Let’s Talk About…

Prescribing: Opioids

and other drugs with potential for misuse or diversion




Are you a patient?

  • Read our Message to Albertans Living With Chronic Pain
  • If you are already taking a prescription opioid for chronic pain, you may wish to discuss your treatment with your doctor to make sure your medication and dose are still appropriate. Safely reducing opioid use requires a plan and medical expertise, and should never be done quickly or without a doctor’s help.
  • There is some public concern that physicians are abruptly cutting people off their medication. The College has been very clear physicians should not abruptly stop prescribing opioids and must not abandon their patients currently receiving opioids. If this situation applies to you, first speak with your physician. If this does not resolve the situation, you may wish to file a written complaint with the College. File a complaint

A new standard to improve prescribing and enhance patient safety

While opioid prescribing has stopped increasing in Alberta and is starting to come down, there is still much to be done.

In fall 2016, the College consulted widely on a draft standard of practice to improve prescribing safety in general. We received a lot of feedback, from physicians, patients and stakeholder organizations.

Based on the feedback, the draft standard was pared down to focus on just those drugs with potential for misuse or diversion to the illegal drug trade. On March 3, Council considered and approved the new standard of practice, to take effect on April 1, 2017:

Read the standard – Prescribing: Drugs with Potential for Misuse or Diversion 

These include (but are not limited to) prescription opioids, benzodiazepines, sedatives and stimulants. The new standard puts more checks and balances in place to improve the prescribing of these medications and enhance patient safety.

We ask doctors to be very cautious in starting patients on these drugs in the first place.

Physicians and patients should talk about all the treatment options, understand the very significant risks as well as the benefits of these types of drugs, and decide on a treatment plan together. Physicians are also expected to:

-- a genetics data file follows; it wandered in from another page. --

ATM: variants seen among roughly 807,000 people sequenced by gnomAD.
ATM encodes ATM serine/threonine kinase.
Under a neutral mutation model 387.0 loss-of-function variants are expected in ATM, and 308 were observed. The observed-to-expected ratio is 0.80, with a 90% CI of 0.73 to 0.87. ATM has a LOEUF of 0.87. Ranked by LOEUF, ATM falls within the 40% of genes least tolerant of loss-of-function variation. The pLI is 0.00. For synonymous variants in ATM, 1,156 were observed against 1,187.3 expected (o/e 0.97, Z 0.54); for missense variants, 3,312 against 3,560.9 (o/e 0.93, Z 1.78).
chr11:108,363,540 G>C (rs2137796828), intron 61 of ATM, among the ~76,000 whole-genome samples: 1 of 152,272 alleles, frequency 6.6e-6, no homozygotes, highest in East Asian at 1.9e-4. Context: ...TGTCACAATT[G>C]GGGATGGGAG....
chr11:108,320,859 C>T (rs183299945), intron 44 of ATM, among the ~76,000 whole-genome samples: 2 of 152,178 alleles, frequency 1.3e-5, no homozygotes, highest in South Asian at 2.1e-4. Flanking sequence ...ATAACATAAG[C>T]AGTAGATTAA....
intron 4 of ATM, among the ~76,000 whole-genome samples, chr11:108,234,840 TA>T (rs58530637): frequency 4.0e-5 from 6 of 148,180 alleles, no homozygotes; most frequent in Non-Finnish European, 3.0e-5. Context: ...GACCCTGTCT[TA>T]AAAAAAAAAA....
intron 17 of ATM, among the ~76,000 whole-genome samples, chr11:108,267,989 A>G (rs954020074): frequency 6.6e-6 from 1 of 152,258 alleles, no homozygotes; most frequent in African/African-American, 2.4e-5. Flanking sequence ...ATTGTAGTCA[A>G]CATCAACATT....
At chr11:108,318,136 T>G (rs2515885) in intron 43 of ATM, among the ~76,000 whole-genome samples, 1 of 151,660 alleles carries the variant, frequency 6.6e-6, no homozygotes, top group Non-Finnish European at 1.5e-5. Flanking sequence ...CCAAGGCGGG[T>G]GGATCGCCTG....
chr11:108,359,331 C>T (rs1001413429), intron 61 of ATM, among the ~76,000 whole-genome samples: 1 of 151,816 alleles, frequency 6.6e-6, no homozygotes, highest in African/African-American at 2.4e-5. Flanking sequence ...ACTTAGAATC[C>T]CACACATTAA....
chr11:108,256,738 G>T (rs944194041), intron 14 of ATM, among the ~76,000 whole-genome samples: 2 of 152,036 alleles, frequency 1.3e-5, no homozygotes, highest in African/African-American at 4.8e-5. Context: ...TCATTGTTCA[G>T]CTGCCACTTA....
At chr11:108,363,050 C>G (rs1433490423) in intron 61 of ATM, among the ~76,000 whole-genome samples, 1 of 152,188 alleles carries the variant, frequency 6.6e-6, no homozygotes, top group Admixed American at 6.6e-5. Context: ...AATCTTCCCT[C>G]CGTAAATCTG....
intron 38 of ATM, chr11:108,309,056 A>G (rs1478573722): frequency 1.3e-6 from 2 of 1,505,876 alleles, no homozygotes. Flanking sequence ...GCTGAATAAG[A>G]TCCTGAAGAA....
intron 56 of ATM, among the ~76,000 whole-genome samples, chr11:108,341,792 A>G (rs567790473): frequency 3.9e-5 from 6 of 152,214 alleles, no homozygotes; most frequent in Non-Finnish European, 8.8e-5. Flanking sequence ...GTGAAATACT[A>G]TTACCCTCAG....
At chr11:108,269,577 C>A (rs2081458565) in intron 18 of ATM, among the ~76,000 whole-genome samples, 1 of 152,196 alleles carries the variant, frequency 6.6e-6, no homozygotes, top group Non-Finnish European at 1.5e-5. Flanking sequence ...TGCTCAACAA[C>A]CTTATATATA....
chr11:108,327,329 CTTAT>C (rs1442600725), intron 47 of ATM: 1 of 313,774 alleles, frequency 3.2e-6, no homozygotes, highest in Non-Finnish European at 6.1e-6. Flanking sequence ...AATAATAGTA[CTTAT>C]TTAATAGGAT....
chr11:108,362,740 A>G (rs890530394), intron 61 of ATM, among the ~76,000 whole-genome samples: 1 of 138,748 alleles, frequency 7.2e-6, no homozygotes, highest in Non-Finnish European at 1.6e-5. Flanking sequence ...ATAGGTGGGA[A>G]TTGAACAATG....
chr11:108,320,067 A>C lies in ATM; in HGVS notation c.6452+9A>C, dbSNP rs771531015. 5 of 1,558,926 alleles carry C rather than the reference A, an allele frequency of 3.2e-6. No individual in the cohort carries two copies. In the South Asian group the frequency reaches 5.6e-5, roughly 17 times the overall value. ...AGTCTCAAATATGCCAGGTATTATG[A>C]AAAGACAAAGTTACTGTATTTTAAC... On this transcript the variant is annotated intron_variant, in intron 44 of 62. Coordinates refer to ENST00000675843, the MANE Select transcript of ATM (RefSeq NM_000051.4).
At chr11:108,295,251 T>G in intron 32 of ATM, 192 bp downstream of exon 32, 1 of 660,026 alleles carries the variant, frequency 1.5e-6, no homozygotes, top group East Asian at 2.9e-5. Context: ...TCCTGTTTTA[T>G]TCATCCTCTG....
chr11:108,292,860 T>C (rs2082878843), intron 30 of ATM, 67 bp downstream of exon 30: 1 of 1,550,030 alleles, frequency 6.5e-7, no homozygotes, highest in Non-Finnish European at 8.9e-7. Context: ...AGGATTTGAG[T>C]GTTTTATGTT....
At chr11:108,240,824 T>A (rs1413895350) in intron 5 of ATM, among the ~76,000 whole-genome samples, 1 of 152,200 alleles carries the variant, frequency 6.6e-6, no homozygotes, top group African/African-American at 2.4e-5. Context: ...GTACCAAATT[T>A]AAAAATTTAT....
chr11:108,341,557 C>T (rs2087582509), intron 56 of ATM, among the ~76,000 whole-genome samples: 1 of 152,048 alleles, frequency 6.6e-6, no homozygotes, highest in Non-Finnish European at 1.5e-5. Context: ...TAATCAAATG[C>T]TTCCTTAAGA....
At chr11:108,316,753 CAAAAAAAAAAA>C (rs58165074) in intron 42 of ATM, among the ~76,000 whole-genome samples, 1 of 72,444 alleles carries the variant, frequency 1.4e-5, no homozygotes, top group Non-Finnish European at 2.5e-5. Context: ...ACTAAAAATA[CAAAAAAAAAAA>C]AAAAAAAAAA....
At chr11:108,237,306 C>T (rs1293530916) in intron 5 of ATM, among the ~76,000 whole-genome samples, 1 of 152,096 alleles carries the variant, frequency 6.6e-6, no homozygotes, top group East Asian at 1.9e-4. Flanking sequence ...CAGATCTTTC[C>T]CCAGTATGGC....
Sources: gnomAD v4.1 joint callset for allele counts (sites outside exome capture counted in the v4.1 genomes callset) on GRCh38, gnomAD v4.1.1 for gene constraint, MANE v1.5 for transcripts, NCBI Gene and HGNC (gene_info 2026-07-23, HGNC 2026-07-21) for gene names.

• be able to justify the prescribing decision with a documented assessment of the patient
  • check the patient’s medication history from PIN/Netcare or another independent source before writing the prescription

The new standard also includes specific safeguards for long-term opioid treatment for chronic pain (exclusive of active cancer, palliative care and end-of-life care).

The new standard DOES NOT prevent physicians from prescribing opioids when appropriate, or continuing opioid treatment for patients who are dependent.

However, the use of opioids in treating chronic pain must be managed very carefully to minimize patient risk. Patients who take opioids for a longer period of time often develop tolerance and dependence on the drug, so it’s important that they start with the lowest effective dose and are carefully monitored.

  • Physicians prescribing opioids to treat chronic pain will need to meet additional requirements to ensure the medication is managed safely and is prescribed only as long as it provides a clinical benefit to the patient. Read the standard
  • Physicians must NOT abruptly reduce patients on high levels of opioids and must not abandon their patients currently receiving an opioid prescription. Resources to support safe prescribing are available at cpsa.ca/physician-prescribing-practices

There is more work to be done.

Opioid overuse is a complex issue and requires a multi-layered response. We are working with government, other healthcare organizations, advocacy groups, social agencies and others to find solutions.

The College is also developing an advice document to support physicians in implementing the new standard, as well as other best practices for safe prescribing.